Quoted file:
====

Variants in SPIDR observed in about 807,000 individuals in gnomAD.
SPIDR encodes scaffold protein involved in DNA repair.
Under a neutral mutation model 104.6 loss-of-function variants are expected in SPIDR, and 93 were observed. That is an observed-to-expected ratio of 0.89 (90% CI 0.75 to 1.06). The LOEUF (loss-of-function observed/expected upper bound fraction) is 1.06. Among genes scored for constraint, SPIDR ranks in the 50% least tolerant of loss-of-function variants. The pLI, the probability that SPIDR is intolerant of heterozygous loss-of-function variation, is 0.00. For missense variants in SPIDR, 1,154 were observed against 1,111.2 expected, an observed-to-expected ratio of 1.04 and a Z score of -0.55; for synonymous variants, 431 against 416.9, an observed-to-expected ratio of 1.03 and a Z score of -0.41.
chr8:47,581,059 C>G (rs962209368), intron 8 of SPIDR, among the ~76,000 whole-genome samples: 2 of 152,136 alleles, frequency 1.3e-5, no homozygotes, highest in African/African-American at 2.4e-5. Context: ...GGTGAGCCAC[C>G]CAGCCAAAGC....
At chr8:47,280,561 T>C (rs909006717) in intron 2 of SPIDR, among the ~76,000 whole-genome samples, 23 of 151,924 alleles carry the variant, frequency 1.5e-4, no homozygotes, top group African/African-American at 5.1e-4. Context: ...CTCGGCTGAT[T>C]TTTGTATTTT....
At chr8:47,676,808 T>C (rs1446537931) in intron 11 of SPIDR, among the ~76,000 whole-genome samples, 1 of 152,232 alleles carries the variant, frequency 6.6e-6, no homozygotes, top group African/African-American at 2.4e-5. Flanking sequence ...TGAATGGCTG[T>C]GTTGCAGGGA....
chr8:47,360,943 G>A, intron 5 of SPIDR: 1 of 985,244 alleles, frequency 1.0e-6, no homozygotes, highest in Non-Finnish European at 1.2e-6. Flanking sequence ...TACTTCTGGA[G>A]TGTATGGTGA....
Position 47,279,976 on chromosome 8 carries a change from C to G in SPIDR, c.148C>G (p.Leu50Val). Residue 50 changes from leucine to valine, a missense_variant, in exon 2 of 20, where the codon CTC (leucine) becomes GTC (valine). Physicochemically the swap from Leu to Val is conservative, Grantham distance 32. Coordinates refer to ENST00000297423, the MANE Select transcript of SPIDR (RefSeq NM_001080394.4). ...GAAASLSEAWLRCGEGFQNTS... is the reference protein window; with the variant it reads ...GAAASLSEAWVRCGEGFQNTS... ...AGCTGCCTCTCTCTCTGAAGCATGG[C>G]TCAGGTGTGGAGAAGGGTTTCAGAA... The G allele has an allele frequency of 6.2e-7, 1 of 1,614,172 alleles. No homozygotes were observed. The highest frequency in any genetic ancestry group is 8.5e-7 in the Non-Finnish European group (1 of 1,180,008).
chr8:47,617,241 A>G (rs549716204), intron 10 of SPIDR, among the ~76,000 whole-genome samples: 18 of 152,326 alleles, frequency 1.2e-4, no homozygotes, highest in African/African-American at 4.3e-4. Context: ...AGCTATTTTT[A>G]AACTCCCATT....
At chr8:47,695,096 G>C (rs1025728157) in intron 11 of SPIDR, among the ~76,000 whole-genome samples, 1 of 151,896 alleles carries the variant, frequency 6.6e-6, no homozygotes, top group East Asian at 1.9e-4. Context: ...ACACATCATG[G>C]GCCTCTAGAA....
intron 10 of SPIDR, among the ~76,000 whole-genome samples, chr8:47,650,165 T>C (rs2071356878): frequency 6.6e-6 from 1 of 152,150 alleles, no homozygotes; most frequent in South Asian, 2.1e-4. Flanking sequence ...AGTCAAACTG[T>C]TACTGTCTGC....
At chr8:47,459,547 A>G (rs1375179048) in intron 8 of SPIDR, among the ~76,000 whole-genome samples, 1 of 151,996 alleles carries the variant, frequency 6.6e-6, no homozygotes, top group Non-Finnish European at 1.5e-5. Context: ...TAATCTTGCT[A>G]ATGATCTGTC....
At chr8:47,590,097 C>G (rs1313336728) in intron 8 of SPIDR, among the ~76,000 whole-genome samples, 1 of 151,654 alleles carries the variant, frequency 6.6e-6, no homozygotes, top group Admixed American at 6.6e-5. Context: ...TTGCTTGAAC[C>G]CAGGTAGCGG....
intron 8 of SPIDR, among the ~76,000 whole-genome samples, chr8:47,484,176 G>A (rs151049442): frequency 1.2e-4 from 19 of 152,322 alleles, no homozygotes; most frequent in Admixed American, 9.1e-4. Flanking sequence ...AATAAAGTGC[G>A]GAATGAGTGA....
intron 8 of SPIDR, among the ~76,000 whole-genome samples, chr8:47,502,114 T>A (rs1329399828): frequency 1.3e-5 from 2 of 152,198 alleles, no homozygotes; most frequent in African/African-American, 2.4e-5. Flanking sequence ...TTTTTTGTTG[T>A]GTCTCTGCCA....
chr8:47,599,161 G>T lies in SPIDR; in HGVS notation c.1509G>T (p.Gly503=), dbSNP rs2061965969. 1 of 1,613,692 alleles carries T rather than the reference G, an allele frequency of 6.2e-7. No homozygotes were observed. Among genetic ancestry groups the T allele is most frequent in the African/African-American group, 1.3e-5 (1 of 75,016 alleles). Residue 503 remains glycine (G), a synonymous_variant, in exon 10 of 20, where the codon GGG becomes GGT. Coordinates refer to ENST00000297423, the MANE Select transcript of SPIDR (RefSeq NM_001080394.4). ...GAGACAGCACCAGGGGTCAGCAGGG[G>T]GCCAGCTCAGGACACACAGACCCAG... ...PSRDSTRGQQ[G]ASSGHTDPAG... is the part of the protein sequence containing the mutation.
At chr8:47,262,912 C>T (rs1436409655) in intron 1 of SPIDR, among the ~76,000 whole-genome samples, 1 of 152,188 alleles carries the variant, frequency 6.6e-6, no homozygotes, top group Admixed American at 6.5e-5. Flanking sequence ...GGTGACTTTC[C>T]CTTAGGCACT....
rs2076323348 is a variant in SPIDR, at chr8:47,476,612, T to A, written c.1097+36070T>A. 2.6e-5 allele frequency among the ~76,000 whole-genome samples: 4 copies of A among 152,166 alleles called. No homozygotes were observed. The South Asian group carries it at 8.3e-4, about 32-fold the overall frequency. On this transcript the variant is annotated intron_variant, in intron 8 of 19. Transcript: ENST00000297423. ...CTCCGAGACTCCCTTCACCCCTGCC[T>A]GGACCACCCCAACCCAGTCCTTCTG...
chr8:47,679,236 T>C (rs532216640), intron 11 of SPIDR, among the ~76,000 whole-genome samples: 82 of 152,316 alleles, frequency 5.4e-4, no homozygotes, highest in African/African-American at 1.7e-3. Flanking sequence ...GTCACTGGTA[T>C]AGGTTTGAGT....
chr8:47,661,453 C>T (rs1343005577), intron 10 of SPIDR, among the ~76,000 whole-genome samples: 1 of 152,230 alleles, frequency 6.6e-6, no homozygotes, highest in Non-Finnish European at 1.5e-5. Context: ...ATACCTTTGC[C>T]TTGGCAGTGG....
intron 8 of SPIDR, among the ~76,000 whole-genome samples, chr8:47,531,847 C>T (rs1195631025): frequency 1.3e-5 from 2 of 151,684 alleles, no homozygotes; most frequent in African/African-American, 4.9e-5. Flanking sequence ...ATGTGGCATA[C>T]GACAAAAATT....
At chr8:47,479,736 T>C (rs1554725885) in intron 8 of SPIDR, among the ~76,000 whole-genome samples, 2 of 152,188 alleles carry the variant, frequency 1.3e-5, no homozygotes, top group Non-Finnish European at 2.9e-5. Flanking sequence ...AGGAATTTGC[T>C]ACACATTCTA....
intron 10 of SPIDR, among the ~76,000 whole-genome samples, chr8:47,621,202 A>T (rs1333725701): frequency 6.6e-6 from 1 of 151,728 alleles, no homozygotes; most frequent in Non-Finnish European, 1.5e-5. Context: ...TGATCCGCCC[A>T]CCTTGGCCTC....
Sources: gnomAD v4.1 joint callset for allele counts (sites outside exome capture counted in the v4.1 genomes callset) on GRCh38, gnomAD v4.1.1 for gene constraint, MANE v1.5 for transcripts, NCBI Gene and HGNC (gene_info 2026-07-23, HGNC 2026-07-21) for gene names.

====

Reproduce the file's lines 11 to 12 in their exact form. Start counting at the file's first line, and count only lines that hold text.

intron 10 of SPIDR, among the ~76,000 whole-genome samples, chr8:47,650,165 T>C (rs2071356878): frequency 6.6e-6 from 1 of 152,150 alleles, no homozygotes; most frequent in South Asian, 2.1e-4. Flanking sequence ...AGTCAAACTG[T>C]TACTGTCTGC....
At chr8:47,459,547 A>G (rs1375179048) in intron 8 of SPIDR, among the ~76,000 whole-genome samples, 1 of 151,996 alleles carries the variant, frequency 6.6e-6, no homozygotes, top group Non-Finnish European at 1.5e-5. Context: ...TAATCTTGCT[A>G]ATGATCTGTC....